Chikungunya Virus: The Latest Exotic Illness in the U.S.

Another disease previously not documented to have been acquired in the  continental US surfaced this month. A case of Chikungunya virus infection was diagnosed in a man in Florida on about July 15th, and in a Florida woman shortly thereafter.. I have to admit that this caught my eye primarily because of the unusual name of the disease.  I could not remember having learned about Chikungunya in my training, so I looked it up. The Chijungunya virus appears to have cropped up in the Mosquite imageCaribbean Islands in late 2013 and now just months later has surfaced in Florida in persons who have not travelled to areas with prior cases. Previously the areas where Chikungunya virus was endemic were limited to Africa and some parts of Asia. Two species of the Aedes mosquito found in the southern, eastern and mid-west US are the vector that can spread this virus.

Chikungunya virus is one of a family of viruses called “alpha viruses” which are single stranded RNA viruses. Many of these alpha viruses cause mosquito transmitted diseases.  Other examples include a number of exotic sounding illnesses including the Barmah Forest Disease Complex and the Eastern Equine encephalitis complex.  The Dengue Fever virus is another mosquito borne illness clinically similar to Chikungunya viral which is also a single stranded RNA virus, though not in the alpha virus family.  Dengue Fever was rediscovered in Key West, Florida several years ago and population based antibody testing showed that a high percentage of the residents of Key West had exposure to the Dengue Fever virus.  Unlike Dengue Fever, where many who contact the virus have a very mild illness or no illness, most persons who contact the Chikungunya virus have a moderate to severe illness.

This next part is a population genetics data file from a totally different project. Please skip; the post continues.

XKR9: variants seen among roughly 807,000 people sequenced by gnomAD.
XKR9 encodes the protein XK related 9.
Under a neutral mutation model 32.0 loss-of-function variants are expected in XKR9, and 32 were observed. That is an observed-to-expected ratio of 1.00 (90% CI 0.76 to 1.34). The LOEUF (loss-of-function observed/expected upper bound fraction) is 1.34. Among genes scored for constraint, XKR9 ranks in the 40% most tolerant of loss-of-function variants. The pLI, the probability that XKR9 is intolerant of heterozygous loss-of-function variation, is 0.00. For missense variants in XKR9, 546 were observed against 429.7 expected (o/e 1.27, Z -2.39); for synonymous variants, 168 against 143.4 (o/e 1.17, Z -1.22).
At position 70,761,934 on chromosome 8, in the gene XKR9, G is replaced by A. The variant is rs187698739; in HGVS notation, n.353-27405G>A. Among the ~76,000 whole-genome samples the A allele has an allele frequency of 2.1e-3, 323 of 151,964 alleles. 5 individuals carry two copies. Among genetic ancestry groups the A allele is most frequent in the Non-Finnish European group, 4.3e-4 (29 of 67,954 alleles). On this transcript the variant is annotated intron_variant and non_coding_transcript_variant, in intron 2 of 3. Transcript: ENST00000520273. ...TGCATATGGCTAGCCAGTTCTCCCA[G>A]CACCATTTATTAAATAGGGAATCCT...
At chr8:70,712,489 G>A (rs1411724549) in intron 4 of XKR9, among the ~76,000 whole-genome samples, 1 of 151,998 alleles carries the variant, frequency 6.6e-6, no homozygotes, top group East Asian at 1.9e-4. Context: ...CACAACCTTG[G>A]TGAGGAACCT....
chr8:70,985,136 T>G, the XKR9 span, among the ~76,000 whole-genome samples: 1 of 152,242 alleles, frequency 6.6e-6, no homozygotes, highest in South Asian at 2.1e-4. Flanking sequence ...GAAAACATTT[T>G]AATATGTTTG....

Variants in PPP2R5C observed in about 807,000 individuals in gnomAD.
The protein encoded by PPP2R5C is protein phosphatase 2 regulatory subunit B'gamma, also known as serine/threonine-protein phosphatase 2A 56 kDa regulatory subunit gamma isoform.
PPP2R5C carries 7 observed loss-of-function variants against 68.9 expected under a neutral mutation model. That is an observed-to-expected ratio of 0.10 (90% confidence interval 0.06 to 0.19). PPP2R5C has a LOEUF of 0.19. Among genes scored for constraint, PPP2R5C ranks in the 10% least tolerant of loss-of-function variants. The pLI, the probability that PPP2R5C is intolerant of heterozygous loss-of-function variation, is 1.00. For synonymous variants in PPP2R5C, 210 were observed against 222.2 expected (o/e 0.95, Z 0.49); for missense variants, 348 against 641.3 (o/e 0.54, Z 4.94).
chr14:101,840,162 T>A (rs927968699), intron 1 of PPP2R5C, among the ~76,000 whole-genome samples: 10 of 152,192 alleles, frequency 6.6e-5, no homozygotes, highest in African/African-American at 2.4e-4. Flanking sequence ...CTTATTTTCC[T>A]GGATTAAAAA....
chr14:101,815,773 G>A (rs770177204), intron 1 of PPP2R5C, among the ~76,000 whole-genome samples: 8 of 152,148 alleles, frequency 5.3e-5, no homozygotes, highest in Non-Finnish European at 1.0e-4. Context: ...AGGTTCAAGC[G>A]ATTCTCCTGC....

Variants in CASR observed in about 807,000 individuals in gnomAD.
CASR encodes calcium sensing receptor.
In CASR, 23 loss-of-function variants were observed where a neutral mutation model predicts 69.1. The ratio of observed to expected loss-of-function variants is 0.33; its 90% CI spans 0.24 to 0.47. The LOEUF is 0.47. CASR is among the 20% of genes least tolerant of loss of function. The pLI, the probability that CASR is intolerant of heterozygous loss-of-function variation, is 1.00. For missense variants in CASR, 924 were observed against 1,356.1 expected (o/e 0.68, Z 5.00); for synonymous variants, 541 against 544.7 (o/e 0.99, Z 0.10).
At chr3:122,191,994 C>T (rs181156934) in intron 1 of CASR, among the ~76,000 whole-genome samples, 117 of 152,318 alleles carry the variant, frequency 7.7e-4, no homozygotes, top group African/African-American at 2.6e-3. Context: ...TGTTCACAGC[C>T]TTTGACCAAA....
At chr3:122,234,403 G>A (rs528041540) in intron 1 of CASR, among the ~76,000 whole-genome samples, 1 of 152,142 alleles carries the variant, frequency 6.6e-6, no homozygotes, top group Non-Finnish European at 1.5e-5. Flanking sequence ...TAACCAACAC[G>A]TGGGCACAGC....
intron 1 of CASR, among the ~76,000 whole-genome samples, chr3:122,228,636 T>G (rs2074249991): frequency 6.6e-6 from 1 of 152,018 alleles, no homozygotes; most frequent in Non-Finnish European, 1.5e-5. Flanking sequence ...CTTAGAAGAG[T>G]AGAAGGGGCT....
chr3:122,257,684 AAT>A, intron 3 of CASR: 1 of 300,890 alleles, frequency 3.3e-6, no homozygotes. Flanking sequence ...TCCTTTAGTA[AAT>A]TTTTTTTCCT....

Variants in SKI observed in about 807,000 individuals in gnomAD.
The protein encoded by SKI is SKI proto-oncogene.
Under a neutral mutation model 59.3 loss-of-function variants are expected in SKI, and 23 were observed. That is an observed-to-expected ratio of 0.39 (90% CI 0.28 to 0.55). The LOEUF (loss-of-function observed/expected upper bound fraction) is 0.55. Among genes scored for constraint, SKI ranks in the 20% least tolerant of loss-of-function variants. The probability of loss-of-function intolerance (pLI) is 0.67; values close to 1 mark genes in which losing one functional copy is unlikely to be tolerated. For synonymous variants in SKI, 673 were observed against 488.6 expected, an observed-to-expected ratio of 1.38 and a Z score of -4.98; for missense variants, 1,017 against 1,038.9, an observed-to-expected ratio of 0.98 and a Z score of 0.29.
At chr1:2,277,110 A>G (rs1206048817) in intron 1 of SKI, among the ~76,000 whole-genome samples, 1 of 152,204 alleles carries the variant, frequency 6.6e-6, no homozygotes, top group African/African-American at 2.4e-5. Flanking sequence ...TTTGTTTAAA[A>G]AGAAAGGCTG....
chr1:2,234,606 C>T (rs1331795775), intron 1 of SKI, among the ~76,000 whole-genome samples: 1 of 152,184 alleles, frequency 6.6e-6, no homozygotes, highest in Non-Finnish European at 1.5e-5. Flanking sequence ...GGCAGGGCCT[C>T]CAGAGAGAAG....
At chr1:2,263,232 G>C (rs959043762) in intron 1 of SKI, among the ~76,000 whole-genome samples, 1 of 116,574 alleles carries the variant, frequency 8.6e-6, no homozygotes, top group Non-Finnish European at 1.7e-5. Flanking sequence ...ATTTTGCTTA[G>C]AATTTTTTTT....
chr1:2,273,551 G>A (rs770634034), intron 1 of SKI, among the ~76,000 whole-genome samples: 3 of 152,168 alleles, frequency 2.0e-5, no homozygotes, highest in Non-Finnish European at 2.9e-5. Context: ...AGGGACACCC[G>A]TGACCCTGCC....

The typical illness of Chikungunya Viral illness usually starts 3-7 days after the mosquito bite that transmits the infection and starts abruptly with fever of 102 degrees or higher and severe joint pains.  The joint symptoms are typically noted on both sides of the body in a symmetric pattern, and can be quite severe.  Other typical symptoms include headache, joint swelling, muscle pain, conjunctivitis intestinal symptoms including nausea and vomiting and a raised rash.

Unlike Dengue Fever where fatalities are not rare and where specific supportive care is important to reduce the chances of life-threatening complications, with Chikungunya virus illness life threatening complications are extremely rare.  The illness can be quite prolonged and recovery can be slow and painful though.

According the the CDC web site:

“The differential diagnosis of chikungunya virus infection varies based on place of residence, travel history, and exposures. Dengue and chikungunya viruses are transmitted by the same mosquitoes and have similar clinical features. The two viruses can circulate in the same area and can cause occasional co-infections in the same patient. Chikungunya virus infection is more likely to cause high fever, severe arthralgia, arthritis, rash, and lymphopenia, while dengue virus infection is more likely to cause neutropenia, thrombocytopenia, hemorrhage, shock, and death. It is important to rule out dengue virus infection because proper clinical management of dengue can improve outcome.”